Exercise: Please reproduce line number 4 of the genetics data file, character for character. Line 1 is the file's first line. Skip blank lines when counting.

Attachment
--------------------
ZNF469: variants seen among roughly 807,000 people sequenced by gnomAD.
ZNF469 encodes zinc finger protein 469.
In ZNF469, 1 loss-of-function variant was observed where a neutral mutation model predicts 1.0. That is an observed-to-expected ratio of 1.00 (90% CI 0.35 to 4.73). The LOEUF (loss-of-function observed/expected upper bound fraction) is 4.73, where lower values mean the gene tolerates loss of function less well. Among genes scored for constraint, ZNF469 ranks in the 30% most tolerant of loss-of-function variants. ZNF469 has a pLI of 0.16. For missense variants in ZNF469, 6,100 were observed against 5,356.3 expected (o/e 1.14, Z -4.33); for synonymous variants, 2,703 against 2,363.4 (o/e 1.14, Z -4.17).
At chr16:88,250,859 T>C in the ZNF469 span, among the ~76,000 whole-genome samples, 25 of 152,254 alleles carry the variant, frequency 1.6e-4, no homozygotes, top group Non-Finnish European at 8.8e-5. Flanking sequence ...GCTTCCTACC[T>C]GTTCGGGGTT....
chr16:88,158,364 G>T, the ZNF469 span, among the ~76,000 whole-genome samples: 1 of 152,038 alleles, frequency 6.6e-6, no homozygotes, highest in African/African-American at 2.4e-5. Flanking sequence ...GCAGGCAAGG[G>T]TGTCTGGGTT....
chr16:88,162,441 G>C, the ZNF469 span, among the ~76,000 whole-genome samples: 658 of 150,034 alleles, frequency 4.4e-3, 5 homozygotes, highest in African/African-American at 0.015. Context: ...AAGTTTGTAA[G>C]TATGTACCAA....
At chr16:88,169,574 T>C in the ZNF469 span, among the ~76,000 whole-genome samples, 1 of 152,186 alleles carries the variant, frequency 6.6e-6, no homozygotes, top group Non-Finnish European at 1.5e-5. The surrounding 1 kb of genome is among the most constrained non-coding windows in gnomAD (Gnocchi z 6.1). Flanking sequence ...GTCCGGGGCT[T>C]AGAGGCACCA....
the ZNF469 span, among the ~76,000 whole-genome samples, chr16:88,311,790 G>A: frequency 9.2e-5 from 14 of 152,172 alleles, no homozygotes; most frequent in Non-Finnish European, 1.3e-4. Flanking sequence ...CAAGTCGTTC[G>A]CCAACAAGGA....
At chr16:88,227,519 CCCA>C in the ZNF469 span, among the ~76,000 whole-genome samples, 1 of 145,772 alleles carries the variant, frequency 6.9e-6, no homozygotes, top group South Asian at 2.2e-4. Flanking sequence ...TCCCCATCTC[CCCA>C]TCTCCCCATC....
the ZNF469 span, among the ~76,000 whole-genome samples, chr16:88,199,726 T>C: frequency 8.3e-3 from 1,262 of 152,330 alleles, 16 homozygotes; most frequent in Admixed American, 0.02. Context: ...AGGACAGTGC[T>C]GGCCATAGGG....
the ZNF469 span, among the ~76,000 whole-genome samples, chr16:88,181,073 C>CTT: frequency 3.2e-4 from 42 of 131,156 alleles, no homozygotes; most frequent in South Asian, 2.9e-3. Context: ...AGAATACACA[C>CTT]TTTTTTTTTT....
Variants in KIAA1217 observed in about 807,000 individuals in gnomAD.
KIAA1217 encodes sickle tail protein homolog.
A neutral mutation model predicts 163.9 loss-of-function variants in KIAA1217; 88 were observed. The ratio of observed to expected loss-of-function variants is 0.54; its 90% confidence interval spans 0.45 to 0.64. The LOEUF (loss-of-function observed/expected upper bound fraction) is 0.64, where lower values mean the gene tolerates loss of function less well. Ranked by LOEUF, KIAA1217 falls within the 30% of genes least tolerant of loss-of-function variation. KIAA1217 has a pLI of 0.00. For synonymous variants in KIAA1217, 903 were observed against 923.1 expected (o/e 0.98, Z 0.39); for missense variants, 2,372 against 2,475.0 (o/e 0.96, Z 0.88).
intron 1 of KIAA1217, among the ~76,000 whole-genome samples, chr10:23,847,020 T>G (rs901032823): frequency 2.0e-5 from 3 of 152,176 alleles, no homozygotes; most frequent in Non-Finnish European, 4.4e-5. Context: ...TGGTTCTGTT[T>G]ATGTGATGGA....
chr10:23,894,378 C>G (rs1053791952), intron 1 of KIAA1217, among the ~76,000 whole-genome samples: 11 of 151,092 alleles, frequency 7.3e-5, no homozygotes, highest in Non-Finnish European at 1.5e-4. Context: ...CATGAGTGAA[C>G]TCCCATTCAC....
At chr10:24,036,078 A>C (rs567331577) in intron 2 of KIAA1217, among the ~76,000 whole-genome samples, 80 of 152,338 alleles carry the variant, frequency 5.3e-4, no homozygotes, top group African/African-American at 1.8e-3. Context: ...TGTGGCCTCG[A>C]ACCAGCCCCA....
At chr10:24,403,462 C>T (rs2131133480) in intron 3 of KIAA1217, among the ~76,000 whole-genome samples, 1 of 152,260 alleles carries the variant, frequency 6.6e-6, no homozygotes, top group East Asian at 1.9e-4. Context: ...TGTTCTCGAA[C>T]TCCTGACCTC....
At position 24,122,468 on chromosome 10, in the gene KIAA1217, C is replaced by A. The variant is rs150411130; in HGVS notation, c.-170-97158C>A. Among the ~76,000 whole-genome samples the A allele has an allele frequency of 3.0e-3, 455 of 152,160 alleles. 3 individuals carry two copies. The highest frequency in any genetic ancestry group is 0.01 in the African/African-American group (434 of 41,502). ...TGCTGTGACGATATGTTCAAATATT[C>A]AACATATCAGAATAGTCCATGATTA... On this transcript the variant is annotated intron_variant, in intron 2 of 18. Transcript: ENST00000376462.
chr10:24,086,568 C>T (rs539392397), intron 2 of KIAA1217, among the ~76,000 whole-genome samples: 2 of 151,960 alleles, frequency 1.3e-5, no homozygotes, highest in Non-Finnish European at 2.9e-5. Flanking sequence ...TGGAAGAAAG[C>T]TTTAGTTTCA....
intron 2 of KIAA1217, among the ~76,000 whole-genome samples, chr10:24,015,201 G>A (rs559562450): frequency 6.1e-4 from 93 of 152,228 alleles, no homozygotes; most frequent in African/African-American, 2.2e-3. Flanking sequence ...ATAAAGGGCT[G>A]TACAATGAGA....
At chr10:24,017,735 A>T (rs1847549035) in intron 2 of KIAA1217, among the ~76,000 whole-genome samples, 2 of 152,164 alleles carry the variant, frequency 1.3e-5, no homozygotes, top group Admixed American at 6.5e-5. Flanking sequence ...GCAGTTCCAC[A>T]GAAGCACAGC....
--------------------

At chr16:88,250,859 T>C in the ZNF469 span, among the ~76,000 whole-genome samples, 25 of 152,254 alleles carry the variant, frequency 1.6e-4, no homozygotes, top group Non-Finnish European at 8.8e-5. Flanking sequence ...GCTTCCTACC[T>C]GTTCGGGGTT....